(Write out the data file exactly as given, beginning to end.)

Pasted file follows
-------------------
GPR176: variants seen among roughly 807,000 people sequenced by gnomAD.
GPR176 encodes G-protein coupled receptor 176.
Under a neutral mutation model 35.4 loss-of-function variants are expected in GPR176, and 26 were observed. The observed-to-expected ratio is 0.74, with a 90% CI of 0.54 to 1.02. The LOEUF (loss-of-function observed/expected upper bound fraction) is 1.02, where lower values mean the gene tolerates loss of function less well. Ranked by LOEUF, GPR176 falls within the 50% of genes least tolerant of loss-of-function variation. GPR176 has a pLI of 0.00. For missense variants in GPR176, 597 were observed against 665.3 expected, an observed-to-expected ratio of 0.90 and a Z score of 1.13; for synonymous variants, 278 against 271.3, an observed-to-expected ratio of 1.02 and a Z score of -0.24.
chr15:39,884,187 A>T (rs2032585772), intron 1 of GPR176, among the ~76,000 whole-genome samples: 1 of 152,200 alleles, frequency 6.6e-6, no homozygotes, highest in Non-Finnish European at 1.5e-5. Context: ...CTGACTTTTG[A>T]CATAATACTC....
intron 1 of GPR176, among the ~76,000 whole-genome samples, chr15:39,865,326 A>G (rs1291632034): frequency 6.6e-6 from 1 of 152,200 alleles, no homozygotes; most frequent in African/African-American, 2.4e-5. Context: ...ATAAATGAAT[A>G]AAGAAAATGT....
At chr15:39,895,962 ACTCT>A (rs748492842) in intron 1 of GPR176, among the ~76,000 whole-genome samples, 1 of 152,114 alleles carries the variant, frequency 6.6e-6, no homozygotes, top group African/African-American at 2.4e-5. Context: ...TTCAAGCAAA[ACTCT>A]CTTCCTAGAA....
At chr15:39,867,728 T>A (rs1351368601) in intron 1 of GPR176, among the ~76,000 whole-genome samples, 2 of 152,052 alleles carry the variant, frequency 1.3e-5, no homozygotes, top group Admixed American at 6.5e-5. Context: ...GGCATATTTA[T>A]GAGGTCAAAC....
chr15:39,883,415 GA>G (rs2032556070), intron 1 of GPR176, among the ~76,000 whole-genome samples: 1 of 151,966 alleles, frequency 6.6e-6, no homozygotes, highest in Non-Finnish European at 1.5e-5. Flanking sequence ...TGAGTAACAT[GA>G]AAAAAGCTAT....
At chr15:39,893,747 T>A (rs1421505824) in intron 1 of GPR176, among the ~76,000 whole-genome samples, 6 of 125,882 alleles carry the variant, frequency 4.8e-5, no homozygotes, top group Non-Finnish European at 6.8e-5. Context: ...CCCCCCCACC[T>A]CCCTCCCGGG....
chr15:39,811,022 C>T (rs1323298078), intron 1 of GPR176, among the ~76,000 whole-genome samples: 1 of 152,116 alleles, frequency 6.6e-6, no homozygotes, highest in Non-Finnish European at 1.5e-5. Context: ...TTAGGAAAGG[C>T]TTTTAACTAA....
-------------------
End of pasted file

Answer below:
GPR176: variants seen among roughly 807,000 people sequenced by gnomAD.
GPR176 encodes G-protein coupled receptor 176.
Under a neutral mutation model 35.4 loss-of-function variants are expected in GPR176, and 26 were observed. The observed-to-expected ratio is 0.74, with a 90% CI of 0.54 to 1.02. The LOEUF (loss-of-function observed/expected upper bound fraction) is 1.02, where lower values mean the gene tolerates loss of function less well. Ranked by LOEUF, GPR176 falls within the 50% of genes least tolerant of loss-of-function variation. GPR176 has a pLI of 0.00. For missense variants in GPR176, 597 were observed against 665.3 expected, an observed-to-expected ratio of 0.90 and a Z score of 1.13; for synonymous variants, 278 against 271.3, an observed-to-expected ratio of 1.02 and a Z score of -0.24.
chr15:39,884,187 A>T (rs2032585772), intron 1 of GPR176, among the ~76,000 whole-genome samples: 1 of 152,200 alleles, frequency 6.6e-6, no homozygotes, highest in Non-Finnish European at 1.5e-5. Context: ...CTGACTTTTG[A>T]CATAATACTC....
intron 1 of GPR176, among the ~76,000 whole-genome samples, chr15:39,865,326 A>G (rs1291632034): frequency 6.6e-6 from 1 of 152,200 alleles, no homozygotes; most frequent in African/African-American, 2.4e-5. Context: ...ATAAATGAAT[A>G]AAGAAAATGT....
At chr15:39,895,962 ACTCT>A (rs748492842) in intron 1 of GPR176, among the ~76,000 whole-genome samples, 1 of 152,114 alleles carries the variant, frequency 6.6e-6, no homozygotes, top group African/African-American at 2.4e-5. Context: ...TTCAAGCAAA[ACTCT>A]CTTCCTAGAA....
At chr15:39,867,728 T>A (rs1351368601) in intron 1 of GPR176, among the ~76,000 whole-genome samples, 2 of 152,052 alleles carry the variant, frequency 1.3e-5, no homozygotes, top group Admixed American at 6.5e-5. Context: ...GGCATATTTA[T>A]GAGGTCAAAC....
chr15:39,883,415 GA>G (rs2032556070), intron 1 of GPR176, among the ~76,000 whole-genome samples: 1 of 151,966 alleles, frequency 6.6e-6, no homozygotes, highest in Non-Finnish European at 1.5e-5. Flanking sequence ...TGAGTAACAT[GA>G]AAAAAGCTAT....
At chr15:39,893,747 T>A (rs1421505824) in intron 1 of GPR176, among the ~76,000 whole-genome samples, 6 of 125,882 alleles carry the variant, frequency 4.8e-5, no homozygotes, top group Non-Finnish European at 6.8e-5. Context: ...CCCCCCCACC[T>A]CCCTCCCGGG....
chr15:39,811,022 C>T (rs1323298078), intron 1 of GPR176, among the ~76,000 whole-genome samples: 1 of 152,116 alleles, frequency 6.6e-6, no homozygotes, highest in Non-Finnish European at 1.5e-5. Context: ...TTAGGAAAGG[C>T]TTTTAACTAA....